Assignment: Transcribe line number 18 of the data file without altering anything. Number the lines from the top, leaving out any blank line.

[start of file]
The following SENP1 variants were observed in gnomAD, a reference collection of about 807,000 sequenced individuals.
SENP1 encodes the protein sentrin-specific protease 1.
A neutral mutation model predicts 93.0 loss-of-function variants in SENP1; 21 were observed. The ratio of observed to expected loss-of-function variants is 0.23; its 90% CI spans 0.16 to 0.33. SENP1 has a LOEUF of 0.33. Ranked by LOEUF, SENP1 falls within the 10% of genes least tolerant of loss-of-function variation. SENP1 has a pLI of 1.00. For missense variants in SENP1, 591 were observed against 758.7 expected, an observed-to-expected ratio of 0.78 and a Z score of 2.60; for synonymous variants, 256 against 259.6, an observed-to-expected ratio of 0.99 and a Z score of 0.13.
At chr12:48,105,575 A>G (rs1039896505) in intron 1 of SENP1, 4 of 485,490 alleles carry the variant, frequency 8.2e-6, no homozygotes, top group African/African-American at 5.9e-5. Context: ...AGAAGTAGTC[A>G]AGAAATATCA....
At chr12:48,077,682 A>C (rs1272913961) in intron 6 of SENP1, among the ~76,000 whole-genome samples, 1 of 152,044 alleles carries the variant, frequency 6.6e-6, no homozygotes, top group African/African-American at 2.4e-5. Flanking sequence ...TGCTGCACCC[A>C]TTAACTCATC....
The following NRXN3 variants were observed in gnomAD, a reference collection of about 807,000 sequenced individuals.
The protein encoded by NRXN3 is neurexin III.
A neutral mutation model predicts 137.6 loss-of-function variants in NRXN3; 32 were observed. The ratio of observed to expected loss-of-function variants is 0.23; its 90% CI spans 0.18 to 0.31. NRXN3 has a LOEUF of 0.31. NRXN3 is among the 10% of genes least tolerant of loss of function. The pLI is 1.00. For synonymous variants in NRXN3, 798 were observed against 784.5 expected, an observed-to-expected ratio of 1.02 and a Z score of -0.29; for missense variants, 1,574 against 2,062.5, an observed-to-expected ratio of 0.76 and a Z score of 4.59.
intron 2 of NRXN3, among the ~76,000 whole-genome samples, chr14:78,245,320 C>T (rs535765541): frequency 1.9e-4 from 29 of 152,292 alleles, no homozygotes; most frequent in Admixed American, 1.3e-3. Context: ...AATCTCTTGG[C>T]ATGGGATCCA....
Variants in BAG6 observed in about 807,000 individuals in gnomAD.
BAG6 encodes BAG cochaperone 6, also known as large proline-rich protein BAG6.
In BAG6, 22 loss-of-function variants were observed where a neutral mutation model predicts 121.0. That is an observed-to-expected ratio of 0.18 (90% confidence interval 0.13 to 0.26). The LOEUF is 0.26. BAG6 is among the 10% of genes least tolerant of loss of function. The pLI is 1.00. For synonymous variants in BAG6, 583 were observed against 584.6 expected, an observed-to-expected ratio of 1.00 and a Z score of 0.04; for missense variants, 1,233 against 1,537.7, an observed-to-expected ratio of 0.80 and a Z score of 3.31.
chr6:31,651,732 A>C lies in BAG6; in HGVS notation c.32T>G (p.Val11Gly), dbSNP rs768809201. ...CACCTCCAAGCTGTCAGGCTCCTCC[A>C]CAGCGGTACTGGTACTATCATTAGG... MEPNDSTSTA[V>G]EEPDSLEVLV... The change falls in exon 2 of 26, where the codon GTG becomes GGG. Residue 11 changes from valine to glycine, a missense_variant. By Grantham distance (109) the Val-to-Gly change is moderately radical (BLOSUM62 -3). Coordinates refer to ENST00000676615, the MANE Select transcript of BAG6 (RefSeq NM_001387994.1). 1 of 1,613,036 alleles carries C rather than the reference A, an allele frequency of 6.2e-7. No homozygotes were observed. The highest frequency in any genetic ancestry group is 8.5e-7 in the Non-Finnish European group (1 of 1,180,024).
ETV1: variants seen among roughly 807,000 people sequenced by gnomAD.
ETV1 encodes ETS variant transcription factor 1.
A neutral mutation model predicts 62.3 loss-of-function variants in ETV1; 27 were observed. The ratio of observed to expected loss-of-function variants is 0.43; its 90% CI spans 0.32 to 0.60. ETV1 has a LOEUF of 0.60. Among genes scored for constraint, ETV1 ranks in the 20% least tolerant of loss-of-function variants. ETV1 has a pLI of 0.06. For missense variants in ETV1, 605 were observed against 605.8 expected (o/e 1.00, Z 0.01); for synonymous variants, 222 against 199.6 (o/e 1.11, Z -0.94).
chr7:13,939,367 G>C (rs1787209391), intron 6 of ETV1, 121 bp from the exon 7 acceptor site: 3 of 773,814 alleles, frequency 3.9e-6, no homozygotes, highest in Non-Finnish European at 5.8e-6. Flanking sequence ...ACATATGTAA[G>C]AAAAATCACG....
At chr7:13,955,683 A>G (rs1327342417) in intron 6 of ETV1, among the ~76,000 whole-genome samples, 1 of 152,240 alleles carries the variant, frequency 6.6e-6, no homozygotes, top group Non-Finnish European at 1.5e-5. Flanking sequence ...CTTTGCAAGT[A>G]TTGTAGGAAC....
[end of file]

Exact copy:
At chr7:13,955,683 A>G (rs1327342417) in intron 6 of ETV1, among the ~76,000 whole-genome samples, 1 of 152,240 alleles carries the variant, frequency 6.6e-6, no homozygotes, top group Non-Finnish European at 1.5e-5. Flanking sequence ...CTTTGCAAGT[A>G]TTGTAGGAAC....